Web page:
Wipe – a transitional technique or optical effect/device in which one shot appears to be “pushed off” or “wiped off” the screen by another shot replacing it and moving across the existing image; also called a push-over; a flip-over (or flip) wipe is when one scene rotates or flips-over to the new scene; wipes were very commonly used in the 30s.


Writer – refers to the individual who authors the content of the piece from pre-existing material or uses an entirely new idea; usually there are many writers involved with re-writes, adaptations, character development, etc.; aka screenwriter.


Zoom – a single shot taken with a lens that has a variable focal length, thereby permitting the cinematographer to change the distance between the camera and the object being filmed, and rapidly move from a wide-angle shot to a telephoto shot in one continuous movement; this camera technique makes an object in the frame appear larger; movement towards a subject to magnify it is known as zoom in or forward zoom, or reversed to reduce its size is known as zoom out/back or backward zoom.

Meet our 2010-2011 artists-in-residence

The following teaching artists will work with Pages students and teachers this year:

Chiquita Mullins Lee
Chiquita Mullins Lee, writer
Chiquita Mullins Lee is the project coordinator for Ohio’s Poetry Out Loud National Recitation Contest. She serves as a teaching artist for the Ohio Arts Council’s Artist-in Residence program and has taught creative writing in schools throughout Ohio and at the Thurber House. She won individual artist fellowships from the Greater Columbus Arts Council in fiction and playwriting and from the Ohio Arts Council in fiction and non-fiction. Chiquita co-wrote 12, a three-woman show about girls on the threshold of womanhood, and Myrlie, Coretta and Betty: the Mothers of the Civil Rights Movement, in which she plays Coretta Scott King. She was the 2007 Ohio Arts Council summer writer-in-residence at the Fine Arts Work Center, Provincetown, Massachusetts. She wrote scripts for TechKNOWKids, which received an Emmy nomination. Her non-fiction work has been published in Fifth Wednesday Journal and her poetry published in the anthology Red Thread/Gold Thread. Her plays have been presented as part of Contemporary American Theatre Company’s Shorts Festival 2000 and 2004. Her critically-acclaimed one-man play, Pierce to the Soul, received its world premier at CATCO in 2010. Formerly of Atlanta, she worked as a producer/director at WDCN-TV in Nashville. She earned her bachelor’s degree from Vassar College, a Master of Arts degree from Ohio University, and a second master’s degree from the Ohio State University.

Mark Lomax
Mark Lomax, musician

Mark Lomax, II is a drummer, composer, and musical scholar. As a drummer, Lomax has been featured as a member of the Marlon Jordan Quintet, the Delfeayo Marsalis Sextet, The Ellis Marsalis Quintet, and the Azar Lawrence/Edwin Bayard Quintet among others. Mark has penned over 200 compositions for many genres including jazz, gospel, and “classical.” His orchestral arrangements of gospel songs have been played by the Nashville Symphony, the National Symphony, and the Akron Symphony. His jazz pieces, which run the gamut from ‘head’ arrangements to extended compositions, have been performed, and recorded by his premier performing ensembles: The Mark Lomax Quartet, The Mark Lomax Trio, and his Afro-chamber Ensemble. In addition to performing and composing, Mark has taught college preparatory theory classes in the Columbus Public School system. He has developed general music and music history curricula for the Martin Luther King Jr. Summer Camp program and the Directions for Youth and Families program that targets ‘at risk’ youth and teens. Lomax holds Bachelor and Master’s degrees in composition and is completing a Doctor of Music Arts degree at The Ohio State University.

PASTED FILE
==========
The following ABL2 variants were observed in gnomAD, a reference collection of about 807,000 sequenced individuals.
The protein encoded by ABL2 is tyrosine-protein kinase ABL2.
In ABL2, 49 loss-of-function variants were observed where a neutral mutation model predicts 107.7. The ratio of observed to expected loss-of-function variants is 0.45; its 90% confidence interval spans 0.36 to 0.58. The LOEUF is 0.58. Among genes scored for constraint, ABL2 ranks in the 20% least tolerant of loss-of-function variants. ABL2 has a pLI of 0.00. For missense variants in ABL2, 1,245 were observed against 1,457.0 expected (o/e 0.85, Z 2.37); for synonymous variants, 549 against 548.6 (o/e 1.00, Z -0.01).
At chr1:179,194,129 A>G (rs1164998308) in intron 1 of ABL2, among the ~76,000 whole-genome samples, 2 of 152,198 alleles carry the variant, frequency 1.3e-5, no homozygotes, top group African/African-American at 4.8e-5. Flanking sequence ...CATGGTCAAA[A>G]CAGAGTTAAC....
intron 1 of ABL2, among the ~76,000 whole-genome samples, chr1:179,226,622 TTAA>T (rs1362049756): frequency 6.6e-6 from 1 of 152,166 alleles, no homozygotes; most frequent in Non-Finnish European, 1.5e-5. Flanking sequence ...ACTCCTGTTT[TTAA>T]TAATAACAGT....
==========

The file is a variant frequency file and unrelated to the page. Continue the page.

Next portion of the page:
Kelli Trinoskey
Kelli Trinoskey
Kelli C. Trinoskey is an award-winning television and documentary writer and producer, having worked for ten years in Atlanta, Georgia for CNN, Turner Classic Movies and Connect with Kids Network, Inc. She currently teaches creative writing classes in the Columbus area for young writers, ages 12-20. Her written works have appeared in The Columbus Dispatch, Literary Mama, and in a recently published anthology entitled: When One Door Closes – Reflections from Women on Life’s Turning Points. Look for her article on Bexley’s historic Jeffrey Mansion in the October issue of CMH Magazine. Finding her way back into the world of television, she is writing a one-hour documentary on the historic Columbus University District neighborhood for WOSU Television’s Columbus Neighborhoods Project.

Wexner Center for the Arts
Dionne Custer, writer
Dionne Custer is an arts educator serving K-12 students and teachers at The Wexner Center for the Arts, where she pioneered several innovative K-12 school programs including two high school programs: Pages, a multi-visit writing-based arts program and WorldView: Cultural Intersections in Contemporary Art. She holds a Bachelors degree in English from The Ohio State University, and is currently completing a Masters degree with a dual concentration in Arts Education and Creative Writing at Antioch University. For 12 years, she has served in Central Ohio communities as an artist, educator, and advocate, focused on arts integration in K-12 education, creative writing, the teaching artist as a practice, performance art, and developing arts-integrated programs that build interdisciplinary experiences for youths and teens. In 2006, she received a Fellowship for Emerging Leaders in Nonprofit from the Academy of Leadership and Governance at the Jefferson Center for the Arts. Community-based partnerships and projects in the arts and education are commitments she integrates in her work. She serves on committees and works in partnership with several local organizations including Ohio Arts Council, and the Greater Columbus Arts Council. For her work and leadership in the arts, she was recently awarded a leadership fellowship with Americans for the Arts.